Bethany is a certified Special Education and Elementary teacher with 11 years experience teaching Special Education from grades PK through 5. She has a Bachelor's degree in Special Education, Elementary Education, and English from Gordon College and a Master's degree in Special Education from Salem State University.
Developing phonological awareness is an essential early literacy skill. Phonological awareness is the understanding of the way sounds function in words. Phonological awareness includes the ability to hear and manipulate speech sounds and can be practiced in phoneme segmentation, phoneme blending, syllabication, and rhyme. This all sounds complicated and tedious but, in reality, can be quite fun. Try these activities with your kindergarteners to boost their phonological awareness while having a good time.
Activity: Blending Game
Objective: Blend initial sounds with word endings.
Materials: Paper signs with sounds and word endings, bean bags
- Choose the initial sounds you want to focus on for this activity (single letters or digraphs).
- Make one sign for each letter or digraph. Using regular letter-sized paper, the letter or digraph should fill the page.
- Make a selection of signs containing word endings, such as -at, -ad, -ong, etc.
- Take students to an open space such as the gym or an outside area.
- Line up several students and give each student an initial sound sign. (The number of students in this line depends on the number of initial sounds you have chosen for this activity.)
- Give one of the remaining students a word ending sign.
- Students read the word ending.
- The student with the word ending chooses a student with an initial sound.
- The two students stand together. As a class, sound out the resulting word.
- For example, the student with the ending sign -and chooses the student with the initial sound sign /s/. When they stand together, students sound out ''sand.''
- Repeat with different students blending word endings with different initial sounds.
- Place initial sound signs on the ground in an open area.
- First student takes an ending sign, then throws a bean bag at the initial sounds signs.
- Student looks at the sign where the bean bag lands. Student blends that initial sound with the ending they chose.
- For example, the student picked the ending sign -at. The bean bag lands on /b/. The student sounds out the word ''bat.''
Activity: Syllabication Sack Race
Objective: Break words into syllables.
Materials: Tall sacks (size: a student can stand inside it with both feet and it will reach to their waist) - try extra-long pillow cases, feed sacks, or giant-sized reusable supermarket totes; word cards containing words with a varying number of syllables (two, three, four)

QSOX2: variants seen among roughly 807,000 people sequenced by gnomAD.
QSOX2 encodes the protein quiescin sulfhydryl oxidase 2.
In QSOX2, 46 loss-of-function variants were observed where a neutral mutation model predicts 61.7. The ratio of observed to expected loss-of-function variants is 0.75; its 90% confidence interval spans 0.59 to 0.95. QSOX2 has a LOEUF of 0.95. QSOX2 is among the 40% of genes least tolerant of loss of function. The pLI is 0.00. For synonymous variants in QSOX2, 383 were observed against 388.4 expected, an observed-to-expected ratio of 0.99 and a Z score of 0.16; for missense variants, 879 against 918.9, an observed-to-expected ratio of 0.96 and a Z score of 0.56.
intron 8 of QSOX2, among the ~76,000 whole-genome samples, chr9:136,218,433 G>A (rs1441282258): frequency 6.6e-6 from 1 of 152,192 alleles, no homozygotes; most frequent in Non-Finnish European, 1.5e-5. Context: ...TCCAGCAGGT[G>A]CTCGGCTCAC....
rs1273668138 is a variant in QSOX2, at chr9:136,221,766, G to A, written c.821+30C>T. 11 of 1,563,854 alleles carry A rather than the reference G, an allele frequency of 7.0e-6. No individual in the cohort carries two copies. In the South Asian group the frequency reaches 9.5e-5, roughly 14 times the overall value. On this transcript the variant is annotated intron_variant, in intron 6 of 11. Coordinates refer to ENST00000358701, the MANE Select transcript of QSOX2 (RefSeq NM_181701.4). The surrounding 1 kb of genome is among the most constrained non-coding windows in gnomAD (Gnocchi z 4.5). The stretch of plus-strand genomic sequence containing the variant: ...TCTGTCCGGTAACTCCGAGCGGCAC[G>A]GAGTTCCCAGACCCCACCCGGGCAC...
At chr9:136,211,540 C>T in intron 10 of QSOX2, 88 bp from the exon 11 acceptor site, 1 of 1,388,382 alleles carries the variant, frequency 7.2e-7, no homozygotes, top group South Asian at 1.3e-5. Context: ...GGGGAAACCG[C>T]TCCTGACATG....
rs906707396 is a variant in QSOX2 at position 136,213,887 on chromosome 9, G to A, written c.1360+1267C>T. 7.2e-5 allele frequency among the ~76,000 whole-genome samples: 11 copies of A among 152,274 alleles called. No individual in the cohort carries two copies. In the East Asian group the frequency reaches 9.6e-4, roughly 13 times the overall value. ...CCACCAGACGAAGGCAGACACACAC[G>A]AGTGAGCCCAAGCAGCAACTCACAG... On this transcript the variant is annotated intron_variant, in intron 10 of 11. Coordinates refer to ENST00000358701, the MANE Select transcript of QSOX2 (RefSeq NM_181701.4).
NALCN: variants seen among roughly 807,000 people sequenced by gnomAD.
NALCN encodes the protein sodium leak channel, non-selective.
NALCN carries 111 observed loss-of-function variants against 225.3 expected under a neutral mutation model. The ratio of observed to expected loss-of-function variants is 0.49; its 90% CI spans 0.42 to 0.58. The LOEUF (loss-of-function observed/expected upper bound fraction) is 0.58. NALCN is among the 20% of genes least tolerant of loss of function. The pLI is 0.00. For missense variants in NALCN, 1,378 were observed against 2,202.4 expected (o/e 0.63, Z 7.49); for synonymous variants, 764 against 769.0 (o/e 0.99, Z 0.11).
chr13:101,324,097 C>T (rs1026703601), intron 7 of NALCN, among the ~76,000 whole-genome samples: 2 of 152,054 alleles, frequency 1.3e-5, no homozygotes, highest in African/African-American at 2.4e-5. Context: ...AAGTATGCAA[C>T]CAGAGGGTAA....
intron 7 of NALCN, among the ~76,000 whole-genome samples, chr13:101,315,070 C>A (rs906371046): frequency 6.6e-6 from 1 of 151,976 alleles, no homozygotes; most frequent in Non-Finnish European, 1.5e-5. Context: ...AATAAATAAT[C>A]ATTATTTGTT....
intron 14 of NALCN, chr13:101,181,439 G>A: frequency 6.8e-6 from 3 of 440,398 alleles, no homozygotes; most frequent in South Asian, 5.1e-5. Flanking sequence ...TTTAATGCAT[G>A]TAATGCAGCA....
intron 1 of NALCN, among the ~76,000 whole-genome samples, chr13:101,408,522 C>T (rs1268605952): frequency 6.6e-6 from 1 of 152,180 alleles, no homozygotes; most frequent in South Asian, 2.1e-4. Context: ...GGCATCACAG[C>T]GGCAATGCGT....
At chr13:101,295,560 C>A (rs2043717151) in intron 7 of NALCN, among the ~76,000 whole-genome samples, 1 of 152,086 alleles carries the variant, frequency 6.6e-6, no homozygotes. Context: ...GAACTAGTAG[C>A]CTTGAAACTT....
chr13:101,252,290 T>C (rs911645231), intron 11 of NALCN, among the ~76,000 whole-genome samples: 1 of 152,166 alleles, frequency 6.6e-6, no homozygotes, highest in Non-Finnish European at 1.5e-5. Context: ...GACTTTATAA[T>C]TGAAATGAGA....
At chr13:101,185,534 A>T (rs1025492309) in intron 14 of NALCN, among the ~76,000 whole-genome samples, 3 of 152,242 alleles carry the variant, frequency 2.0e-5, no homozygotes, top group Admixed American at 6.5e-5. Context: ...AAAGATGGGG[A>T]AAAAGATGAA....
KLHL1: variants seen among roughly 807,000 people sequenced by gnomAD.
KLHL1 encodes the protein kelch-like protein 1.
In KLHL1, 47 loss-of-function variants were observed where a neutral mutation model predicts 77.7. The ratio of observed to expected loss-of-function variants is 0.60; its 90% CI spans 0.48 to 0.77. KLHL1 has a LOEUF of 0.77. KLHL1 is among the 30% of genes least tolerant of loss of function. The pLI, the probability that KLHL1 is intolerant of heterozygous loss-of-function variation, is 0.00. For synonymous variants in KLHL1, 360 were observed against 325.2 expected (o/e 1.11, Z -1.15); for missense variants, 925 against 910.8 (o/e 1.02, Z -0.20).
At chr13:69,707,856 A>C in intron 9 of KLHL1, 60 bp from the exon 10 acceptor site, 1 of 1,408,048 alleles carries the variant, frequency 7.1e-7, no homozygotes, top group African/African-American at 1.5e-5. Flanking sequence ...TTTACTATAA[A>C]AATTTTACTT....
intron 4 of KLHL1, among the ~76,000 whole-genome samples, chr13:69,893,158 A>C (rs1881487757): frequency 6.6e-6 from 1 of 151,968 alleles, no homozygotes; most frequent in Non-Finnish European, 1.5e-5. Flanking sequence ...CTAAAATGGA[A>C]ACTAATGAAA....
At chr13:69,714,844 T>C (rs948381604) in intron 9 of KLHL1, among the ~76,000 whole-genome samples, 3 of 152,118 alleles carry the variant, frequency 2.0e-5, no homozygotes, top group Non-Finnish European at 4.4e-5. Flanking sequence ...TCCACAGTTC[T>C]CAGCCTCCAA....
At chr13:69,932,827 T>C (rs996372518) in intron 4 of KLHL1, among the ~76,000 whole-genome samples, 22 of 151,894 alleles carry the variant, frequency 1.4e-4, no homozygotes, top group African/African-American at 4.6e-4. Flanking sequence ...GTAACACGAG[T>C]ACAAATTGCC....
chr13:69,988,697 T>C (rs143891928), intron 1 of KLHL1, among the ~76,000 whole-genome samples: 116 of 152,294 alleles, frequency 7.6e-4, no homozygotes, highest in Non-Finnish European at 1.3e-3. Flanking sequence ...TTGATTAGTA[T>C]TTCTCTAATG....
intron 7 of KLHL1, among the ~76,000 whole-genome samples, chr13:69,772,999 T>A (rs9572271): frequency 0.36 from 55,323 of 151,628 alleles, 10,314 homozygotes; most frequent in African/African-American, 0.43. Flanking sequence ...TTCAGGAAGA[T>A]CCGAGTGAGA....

- Take students to an open space such as outside or the gym. Designate a starting line and a finish line.
- Line up three students at the starting line. Each student should stand in a sack.
- Choose a word card at random.
- Student one reads the word and hops forward one time for each syllable in the word. For example, student one reads the word ''electricity'' then hops five times.
- Choose a word card at random for student two, who reads the word and hops forward once for each syllable.
- Continue to alternate words for students one, two, and three until one student reaches the finish line and wins the race. Switch students and repeat the race.
Alternatively, if the sacks are not possible, have students hop forward on one foot for each syllable.
Activity: Segmentation Jars
Objective: Segment words by phonemes.
Materials: Cups of a uniform size, marbles (or other small items of a uniform size such as unit blocks, bingo chips, etc.), word cards (you might use spelling words or vocabulary related to current science, math, or social studies themes)
- This activity can be done in small groups or as a center activity.
- Each student gets a cup and a pile of marbles.
- First student draws a word card and reads the word aloud.
- The student separates the word into phonemes and places one marble in their cup for each phoneme in the word.
- For example, ''man'' is /m/-/a/-/n/, so the student puts three marbles in their cup.
- The next student takes a turn doing the same thing.
- Play continues until one student fills their cup and wins the game.
Activity: Rhyme Hunt
Objective: Find rhyming words.
Materials: Word cards with rhyming matches (dog/frog, cat/hat, etc.), tape
Preparation: Hide one half of each rhyming pair in your classroom and keep a pile of the other half of each pair (i.e. hide ''dog,'' keep ''frog'').
- Give each student one word card.
- Students search the room to find a word card that rhymes with their word card.
- After all students have found their matches, sit in a circle.
- Each student shares their rhyming pair of words.
- Expansion: When a student shares their rhyming pair, they also state a third rhyming word.
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